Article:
Check out this great profile of the man and more of his work on Medium.

(via Only Dead Fish)

Taking selfies in clubs needs to stop

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Thump‘s Joe Bishop has a point…

The Wired World in 2014: speed summary

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Digital Intelligence Today have produced a handy speed summary of Wired magazine’s latest need-to-know tech trends for 2014: The Wired World in 2014.

Explore Everything

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This image, at the Fourth Rail Bridge in Scotland, is from just one out of hundreds of nights Bradley Garrett has spent exploring over the last five years, in places he shouldn’t be. Stunning photos from those nights are part of Garrett’s new book, Explore Everything: Place-Hacking the City.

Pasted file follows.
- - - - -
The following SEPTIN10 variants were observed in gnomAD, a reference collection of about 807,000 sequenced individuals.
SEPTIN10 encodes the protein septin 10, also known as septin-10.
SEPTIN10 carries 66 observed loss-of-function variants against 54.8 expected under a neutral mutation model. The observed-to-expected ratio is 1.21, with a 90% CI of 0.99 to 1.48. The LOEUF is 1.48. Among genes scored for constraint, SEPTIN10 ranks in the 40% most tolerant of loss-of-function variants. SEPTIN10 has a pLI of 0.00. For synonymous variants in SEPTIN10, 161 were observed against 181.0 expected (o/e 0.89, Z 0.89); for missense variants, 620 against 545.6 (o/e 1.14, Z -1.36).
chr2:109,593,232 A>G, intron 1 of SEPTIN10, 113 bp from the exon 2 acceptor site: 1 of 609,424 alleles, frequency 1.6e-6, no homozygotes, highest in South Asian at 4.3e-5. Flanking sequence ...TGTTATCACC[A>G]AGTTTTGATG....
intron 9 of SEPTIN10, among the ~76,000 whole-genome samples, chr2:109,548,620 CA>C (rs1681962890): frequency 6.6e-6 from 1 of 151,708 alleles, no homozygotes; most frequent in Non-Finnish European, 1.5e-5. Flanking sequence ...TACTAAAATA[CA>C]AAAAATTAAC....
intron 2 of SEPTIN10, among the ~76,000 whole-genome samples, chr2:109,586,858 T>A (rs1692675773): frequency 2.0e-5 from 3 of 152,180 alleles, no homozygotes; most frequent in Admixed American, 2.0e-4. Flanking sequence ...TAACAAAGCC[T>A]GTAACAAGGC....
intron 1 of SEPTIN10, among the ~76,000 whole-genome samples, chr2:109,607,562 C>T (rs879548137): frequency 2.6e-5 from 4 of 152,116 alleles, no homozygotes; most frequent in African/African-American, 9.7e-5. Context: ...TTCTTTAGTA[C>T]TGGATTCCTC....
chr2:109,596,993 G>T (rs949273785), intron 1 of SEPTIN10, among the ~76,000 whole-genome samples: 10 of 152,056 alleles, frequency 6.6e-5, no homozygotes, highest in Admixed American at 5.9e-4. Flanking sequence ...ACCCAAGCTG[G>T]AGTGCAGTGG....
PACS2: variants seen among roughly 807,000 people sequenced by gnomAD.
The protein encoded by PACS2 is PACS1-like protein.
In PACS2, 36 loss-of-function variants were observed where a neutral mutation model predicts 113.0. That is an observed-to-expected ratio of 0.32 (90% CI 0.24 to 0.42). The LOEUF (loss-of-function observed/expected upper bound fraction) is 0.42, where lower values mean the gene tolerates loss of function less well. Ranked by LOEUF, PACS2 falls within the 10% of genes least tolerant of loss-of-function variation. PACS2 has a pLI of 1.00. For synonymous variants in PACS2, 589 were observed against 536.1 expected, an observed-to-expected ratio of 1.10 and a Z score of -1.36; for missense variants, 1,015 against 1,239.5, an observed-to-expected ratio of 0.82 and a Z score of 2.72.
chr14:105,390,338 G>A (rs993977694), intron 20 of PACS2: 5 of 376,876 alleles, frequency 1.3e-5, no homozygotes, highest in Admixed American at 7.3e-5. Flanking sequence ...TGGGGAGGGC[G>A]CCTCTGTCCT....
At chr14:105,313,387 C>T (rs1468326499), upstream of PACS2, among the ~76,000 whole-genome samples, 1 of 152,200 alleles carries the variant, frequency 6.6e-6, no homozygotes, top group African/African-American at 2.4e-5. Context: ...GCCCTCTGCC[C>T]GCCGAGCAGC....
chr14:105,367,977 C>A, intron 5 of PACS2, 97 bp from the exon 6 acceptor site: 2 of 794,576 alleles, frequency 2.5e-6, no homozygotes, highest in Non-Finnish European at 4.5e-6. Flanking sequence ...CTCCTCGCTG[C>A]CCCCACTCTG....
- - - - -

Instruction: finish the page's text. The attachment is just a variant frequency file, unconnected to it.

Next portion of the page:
an unused London tube station

an unused London tube station

The Battersea power station

The Battersea power station

Castle of Mesen in Lede, Belgium

Castle of Mesen in Lede, Belgium

Durham baths

Durham baths

Embankment pipe subways, London

Embankment pipe subways, London

The Farwell building in Detroit, Michigan.

The Farwell building in Detroit, Michigan.

Gartloch hospital, Scotland

Gartloch hospital, Scotland

The Legacy Tower, Chicago

The Legacy Tower, Chicago

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The Legacy Tower, Chicago

King's Reach, South London

King’s Reach, South London

Michigan theatre, Detroit, Michigan.

Michigan theatre, Detroit, Michigan.

NEO Bankside, London

NEO Bankside, London

Ritz Carlton Residences, Chicago

Ritz Carlton Residences, Chicago

River Effra, South London

River Effra, South London

River Tyburn, London

River Tyburn, London

The Shard, London

The Shard, London